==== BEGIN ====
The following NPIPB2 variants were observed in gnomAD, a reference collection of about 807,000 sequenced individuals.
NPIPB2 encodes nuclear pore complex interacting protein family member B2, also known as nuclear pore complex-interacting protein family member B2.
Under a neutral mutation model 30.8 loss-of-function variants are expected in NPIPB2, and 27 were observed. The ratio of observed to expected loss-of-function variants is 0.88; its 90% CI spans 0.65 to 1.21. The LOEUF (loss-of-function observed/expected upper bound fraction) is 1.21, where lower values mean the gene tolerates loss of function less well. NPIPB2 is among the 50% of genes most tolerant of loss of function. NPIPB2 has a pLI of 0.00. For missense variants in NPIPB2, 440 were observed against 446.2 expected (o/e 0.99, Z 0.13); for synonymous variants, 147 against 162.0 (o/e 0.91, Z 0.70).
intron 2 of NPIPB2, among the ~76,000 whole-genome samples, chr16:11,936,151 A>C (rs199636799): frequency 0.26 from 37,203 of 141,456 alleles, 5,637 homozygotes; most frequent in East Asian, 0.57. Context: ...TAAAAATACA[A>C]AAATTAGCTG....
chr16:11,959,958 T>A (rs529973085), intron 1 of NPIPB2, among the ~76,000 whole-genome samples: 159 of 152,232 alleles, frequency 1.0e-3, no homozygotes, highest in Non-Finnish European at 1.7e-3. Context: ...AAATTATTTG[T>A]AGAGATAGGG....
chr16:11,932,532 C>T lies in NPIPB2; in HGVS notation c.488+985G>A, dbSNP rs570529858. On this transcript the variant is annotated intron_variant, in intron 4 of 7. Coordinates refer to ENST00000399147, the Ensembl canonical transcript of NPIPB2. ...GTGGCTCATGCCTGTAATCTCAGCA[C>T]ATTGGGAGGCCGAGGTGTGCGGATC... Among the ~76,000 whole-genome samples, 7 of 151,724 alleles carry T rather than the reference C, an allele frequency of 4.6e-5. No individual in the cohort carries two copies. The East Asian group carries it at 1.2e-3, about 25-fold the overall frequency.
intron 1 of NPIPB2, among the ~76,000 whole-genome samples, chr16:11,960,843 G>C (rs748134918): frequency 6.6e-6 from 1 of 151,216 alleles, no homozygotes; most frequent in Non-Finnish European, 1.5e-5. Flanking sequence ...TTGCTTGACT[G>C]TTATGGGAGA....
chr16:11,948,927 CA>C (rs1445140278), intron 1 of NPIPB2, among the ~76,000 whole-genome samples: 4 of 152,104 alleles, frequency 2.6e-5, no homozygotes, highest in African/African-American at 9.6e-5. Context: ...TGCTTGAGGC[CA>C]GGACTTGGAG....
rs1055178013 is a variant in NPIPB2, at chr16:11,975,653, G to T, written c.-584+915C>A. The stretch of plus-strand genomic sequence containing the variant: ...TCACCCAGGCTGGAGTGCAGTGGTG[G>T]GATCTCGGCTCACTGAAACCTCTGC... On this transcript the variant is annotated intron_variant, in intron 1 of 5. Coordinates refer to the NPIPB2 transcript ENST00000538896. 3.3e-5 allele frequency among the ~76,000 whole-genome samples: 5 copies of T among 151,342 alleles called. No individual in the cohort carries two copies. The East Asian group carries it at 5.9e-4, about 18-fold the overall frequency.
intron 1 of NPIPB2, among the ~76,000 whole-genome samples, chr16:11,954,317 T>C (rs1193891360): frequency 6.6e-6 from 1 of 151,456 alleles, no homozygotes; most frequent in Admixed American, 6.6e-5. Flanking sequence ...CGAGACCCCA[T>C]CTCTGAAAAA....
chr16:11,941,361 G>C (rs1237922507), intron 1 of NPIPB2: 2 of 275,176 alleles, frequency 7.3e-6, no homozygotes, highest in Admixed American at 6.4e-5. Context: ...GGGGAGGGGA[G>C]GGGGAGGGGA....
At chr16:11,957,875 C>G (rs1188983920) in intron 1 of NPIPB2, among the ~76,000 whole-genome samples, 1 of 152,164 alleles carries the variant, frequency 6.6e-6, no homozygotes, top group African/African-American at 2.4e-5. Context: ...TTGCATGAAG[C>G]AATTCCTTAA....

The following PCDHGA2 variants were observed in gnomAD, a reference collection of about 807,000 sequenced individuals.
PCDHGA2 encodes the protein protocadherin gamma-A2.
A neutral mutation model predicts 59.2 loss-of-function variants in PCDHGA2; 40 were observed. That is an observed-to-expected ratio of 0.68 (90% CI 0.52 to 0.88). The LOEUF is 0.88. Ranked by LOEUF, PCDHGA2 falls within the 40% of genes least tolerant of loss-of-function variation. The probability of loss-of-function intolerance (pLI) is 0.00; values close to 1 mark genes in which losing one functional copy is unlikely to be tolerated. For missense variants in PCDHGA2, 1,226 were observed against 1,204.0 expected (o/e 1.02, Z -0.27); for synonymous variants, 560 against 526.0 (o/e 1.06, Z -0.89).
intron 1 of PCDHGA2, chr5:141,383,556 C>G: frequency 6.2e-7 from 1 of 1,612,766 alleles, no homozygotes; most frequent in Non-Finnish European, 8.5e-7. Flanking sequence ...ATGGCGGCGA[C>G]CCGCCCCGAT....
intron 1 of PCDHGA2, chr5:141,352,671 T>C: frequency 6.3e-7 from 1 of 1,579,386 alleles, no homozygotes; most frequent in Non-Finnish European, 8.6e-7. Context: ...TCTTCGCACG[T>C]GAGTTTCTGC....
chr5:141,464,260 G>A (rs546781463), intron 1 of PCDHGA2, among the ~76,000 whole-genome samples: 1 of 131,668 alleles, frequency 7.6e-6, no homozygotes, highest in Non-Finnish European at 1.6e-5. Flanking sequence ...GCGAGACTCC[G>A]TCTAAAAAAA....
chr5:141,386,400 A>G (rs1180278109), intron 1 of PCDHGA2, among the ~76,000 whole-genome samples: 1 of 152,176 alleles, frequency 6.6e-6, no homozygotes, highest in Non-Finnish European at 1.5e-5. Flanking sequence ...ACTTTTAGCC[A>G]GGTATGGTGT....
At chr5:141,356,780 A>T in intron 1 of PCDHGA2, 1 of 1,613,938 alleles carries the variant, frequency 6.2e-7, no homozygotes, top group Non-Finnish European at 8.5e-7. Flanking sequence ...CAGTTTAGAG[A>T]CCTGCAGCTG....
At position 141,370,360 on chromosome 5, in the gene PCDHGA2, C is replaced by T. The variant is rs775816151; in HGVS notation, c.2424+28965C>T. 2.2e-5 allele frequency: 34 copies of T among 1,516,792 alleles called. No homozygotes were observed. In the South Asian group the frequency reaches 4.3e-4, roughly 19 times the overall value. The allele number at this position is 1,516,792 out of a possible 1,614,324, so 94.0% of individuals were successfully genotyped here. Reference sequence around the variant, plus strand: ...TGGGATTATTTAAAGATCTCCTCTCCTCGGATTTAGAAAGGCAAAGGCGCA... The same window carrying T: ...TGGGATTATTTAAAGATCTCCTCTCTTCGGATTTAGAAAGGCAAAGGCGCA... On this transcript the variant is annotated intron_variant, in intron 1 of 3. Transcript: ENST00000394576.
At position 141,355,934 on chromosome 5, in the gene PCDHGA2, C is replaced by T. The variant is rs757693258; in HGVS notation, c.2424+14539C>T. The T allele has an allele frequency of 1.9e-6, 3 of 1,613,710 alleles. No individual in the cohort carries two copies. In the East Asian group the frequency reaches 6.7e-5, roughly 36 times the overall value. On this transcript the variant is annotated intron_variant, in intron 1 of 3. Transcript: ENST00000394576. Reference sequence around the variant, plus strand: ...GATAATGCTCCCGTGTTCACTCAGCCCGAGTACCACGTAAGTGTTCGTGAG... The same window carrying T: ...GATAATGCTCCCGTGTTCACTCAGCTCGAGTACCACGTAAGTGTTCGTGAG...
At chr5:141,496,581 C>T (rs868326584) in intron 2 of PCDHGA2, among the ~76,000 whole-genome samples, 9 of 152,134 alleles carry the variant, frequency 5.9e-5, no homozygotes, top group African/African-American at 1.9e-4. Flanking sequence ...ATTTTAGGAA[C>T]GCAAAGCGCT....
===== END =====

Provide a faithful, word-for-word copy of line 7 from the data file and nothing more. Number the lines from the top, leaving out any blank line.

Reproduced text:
intron 1 of NPIPB2, among the ~76,000 whole-genome samples, chr16:11,960,843 G>C (rs748134918): frequency 6.6e-6 from 1 of 151,216 alleles, no homozygotes; most frequent in Non-Finnish European, 1.5e-5. Flanking sequence ...TTGCTTGACT[G>C]TTATGGGAGA....